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Monkey See
9:52 am
Sun February 9, 2014

The Beatles, As America First Loved Them

It's been 50 years since The Beatles first appeared on Ed Sullivan, to an audience of screaming, hair-pulling, ecstatic (in the classic sense) teenage girls. Cutes in suits, you might call them, like (and, of course, nothing like) countless other bands of the time that wore skinny ties and shared microphones and said "oh" and "yeah" and "baby."

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Music News
9:20 am
Sat February 8, 2014

A Male Singer Shines In A Woman's World

Portuguese singer António Zambujo occupies a distinct place in the world of fado, a musical style better known for its female stars.
Rita Carmo

Originally published on Sat February 8, 2014 10:05 am

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The Record
3:44 pm
Fri February 7, 2014

The Beatles' Yearlong Journey To 'The Ed Sullivan Show'

Ed Sullivan smiles while standing with The Beatles on the set of his variety show on Feb. 9, 1964.
Express Newspapers/Getty Images

Originally published on Mon February 10, 2014 2:25 pm

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The Record
8:36 am
Fri February 7, 2014

A Rational Conversation: Ambition Returns To The Music Video

A still from the 24-hour-long interactive video for Pharrell Williams' song "Happy."
Courtesy of the artist

Originally published on Fri February 7, 2014 10:11 am

"A Rational Conversation" is a column by writer Eric Ducker in which he gets on iChat or Gchat or the phone or whatever with a special guest to examine a music-related subject that's entered the pop culture consciousness.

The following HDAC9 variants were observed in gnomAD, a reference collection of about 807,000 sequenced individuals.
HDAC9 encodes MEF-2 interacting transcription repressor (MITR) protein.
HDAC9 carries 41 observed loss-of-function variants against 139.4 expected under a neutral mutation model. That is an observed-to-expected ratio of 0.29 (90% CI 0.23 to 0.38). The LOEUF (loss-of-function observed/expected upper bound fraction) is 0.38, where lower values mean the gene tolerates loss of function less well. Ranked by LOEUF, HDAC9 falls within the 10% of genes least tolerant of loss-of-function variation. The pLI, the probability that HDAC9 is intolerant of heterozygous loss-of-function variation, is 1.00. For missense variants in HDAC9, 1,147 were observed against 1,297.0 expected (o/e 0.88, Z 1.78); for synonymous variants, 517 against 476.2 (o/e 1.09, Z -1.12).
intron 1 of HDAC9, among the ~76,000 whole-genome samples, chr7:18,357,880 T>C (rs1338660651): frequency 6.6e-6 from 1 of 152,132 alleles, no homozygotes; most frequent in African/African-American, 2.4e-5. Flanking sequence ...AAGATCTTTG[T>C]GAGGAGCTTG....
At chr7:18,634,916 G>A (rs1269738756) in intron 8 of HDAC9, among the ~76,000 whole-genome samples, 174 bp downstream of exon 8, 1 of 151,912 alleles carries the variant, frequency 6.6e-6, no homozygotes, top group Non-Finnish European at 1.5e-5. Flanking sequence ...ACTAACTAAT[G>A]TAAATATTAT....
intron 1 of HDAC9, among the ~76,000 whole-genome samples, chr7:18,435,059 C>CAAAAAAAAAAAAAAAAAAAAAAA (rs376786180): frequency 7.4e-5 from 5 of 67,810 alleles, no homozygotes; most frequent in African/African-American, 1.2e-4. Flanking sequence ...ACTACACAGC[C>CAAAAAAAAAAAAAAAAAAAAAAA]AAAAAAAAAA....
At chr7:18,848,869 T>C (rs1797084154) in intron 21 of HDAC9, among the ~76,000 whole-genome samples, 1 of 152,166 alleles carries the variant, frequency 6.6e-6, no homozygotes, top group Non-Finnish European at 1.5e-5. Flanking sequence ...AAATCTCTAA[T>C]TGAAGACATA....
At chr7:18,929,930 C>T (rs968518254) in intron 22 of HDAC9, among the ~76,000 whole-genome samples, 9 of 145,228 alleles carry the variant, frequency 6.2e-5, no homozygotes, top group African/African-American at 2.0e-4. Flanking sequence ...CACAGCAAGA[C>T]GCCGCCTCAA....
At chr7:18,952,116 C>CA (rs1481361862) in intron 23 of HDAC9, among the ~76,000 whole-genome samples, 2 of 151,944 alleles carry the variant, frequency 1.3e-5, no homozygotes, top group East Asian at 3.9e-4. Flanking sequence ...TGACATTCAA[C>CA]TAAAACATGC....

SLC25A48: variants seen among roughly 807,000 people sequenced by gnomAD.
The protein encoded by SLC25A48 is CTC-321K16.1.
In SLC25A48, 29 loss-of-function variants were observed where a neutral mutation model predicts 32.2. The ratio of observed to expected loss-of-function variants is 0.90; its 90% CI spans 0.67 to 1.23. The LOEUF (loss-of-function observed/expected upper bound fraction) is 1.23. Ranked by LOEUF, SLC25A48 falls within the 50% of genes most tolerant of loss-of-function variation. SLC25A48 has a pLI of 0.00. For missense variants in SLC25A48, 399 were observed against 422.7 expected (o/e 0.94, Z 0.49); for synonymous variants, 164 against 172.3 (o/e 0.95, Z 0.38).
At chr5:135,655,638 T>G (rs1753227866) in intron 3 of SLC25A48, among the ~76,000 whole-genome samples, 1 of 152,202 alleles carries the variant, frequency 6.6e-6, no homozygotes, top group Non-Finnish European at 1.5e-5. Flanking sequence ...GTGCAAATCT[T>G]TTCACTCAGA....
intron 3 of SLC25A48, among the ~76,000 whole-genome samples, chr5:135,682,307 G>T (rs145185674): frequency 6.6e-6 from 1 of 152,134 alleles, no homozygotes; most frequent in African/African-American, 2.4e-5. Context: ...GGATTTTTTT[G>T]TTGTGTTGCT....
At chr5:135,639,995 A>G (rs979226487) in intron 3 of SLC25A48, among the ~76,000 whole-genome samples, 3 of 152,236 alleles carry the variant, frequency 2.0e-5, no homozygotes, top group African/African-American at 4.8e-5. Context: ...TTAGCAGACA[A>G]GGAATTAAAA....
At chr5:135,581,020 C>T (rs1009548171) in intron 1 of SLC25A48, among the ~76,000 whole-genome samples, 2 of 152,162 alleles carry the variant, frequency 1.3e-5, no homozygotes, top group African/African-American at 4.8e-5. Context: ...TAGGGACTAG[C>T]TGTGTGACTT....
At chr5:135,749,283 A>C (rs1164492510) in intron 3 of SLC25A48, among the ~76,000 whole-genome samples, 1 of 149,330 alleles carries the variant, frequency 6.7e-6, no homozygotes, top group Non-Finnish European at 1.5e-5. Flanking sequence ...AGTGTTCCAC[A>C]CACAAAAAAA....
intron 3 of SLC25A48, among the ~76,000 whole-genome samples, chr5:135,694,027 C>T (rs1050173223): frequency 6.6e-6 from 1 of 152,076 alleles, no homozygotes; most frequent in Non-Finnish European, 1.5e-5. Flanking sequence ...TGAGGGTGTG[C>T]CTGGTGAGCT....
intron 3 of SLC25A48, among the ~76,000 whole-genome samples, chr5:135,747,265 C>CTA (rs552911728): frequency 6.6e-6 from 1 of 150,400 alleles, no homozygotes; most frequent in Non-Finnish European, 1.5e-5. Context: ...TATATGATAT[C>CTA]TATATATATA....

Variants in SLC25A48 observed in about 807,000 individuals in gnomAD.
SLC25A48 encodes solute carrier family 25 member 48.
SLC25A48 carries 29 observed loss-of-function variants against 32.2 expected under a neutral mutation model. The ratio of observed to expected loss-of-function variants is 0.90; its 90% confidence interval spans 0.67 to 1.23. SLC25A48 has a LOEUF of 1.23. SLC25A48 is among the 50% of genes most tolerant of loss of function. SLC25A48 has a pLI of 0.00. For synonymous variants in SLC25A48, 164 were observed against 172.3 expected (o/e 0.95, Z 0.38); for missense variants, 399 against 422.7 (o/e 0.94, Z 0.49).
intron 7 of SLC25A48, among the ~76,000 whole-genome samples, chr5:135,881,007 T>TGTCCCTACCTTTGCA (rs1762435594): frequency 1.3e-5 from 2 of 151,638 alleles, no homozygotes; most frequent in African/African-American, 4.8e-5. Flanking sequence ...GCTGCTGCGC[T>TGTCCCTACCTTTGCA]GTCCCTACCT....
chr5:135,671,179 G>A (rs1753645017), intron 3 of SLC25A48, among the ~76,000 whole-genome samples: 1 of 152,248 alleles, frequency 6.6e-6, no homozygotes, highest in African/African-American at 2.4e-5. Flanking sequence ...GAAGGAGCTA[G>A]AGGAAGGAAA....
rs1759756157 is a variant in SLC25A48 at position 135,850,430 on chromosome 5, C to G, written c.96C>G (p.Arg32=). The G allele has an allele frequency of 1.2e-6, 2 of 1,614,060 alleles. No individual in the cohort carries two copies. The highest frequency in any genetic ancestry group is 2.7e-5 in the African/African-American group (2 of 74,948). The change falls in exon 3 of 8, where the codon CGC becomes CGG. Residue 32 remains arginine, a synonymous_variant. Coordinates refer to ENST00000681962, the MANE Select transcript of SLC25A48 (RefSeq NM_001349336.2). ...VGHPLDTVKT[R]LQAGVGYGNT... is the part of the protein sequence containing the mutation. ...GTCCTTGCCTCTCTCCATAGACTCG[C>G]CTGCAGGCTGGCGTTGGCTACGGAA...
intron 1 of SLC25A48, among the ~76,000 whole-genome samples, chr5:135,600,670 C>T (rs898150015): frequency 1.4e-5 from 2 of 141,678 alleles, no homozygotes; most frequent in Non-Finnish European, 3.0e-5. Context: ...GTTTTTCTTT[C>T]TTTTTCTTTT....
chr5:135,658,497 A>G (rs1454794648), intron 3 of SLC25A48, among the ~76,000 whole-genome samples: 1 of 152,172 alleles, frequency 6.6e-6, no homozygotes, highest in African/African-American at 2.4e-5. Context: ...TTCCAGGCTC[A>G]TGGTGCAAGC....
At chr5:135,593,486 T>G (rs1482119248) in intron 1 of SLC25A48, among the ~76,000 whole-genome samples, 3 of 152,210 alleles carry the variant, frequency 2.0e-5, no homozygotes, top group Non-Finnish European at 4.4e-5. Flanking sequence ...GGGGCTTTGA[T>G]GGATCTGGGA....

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Music News
3:55 pm
Thu February 6, 2014

Violin Worth $5 Million Makes A Safe Return Home

Originally published on Thu February 6, 2014 5:55 pm

Police in Milwaukee have recovered a Stradivarius violin and arrested three suspects in its theft. The instrument, said to be worth approximately $5 million, was stolen in a brazen armed robbery from the concertmaster of the Milwaukee Symphony Orchestra late last month. Mitch Teich of WUWM in Milwaukee reports on the violin's recovery.

All Songs Considered
2:13 pm
Thu February 6, 2014

Playing SXSW 2014? Send Us Your Songs

Several of us loved The Soil and the Sun at SXSW 2013 — and we'd have never heard the band if it hadn't sent us an MP3 before the festival.
Courtesy of the artist

Originally published on Fri February 7, 2014 3:23 pm

Every year around this time, the All Songs Considered team begins the process of listening to nearly 2,000 MP3s by bands playing the SXSW Music Festival in Austin, Texas. We acquire them from any number of sources, as bands willing to circulate their songs for consideration make them available online. But every year, we wind up missing something. In pursuit of music by thousands of bands, hundreds slip past our radar altogether.

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Deceptive Cadence
10:18 am
Thu February 6, 2014

Update: 'I Have Begun To Hear A Little Again'

Takashi Niigaki stepped forward today in Japan as the ghostwriter for popular composer Mamoru Samuragochi — and added another twist to the breaking story.
Yoshikazu Tsuno AFP/Getty Images

Originally published on Wed February 12, 2014 7:50 am

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The Two-Way
9:25 am
Thu February 6, 2014

Stolen Stradivarius Found By Milwaukee Police

A Stradivarius violin is pictured in December 2009 at the restoration and research laboratory of the Musee de la Musique in Paris.
Patrick Kovarik AFP/Getty Images

Originally published on Fri February 7, 2014 9:26 am

Police in Milwaukee have recovered "Lipinski" – a 300-year-old Stradivarius stolen last month from a concertmaster as he was walking to his car with the rare violin.

The Milwaukee Journal Sentinel, quoting law enforcement officials, says the instrument has been found: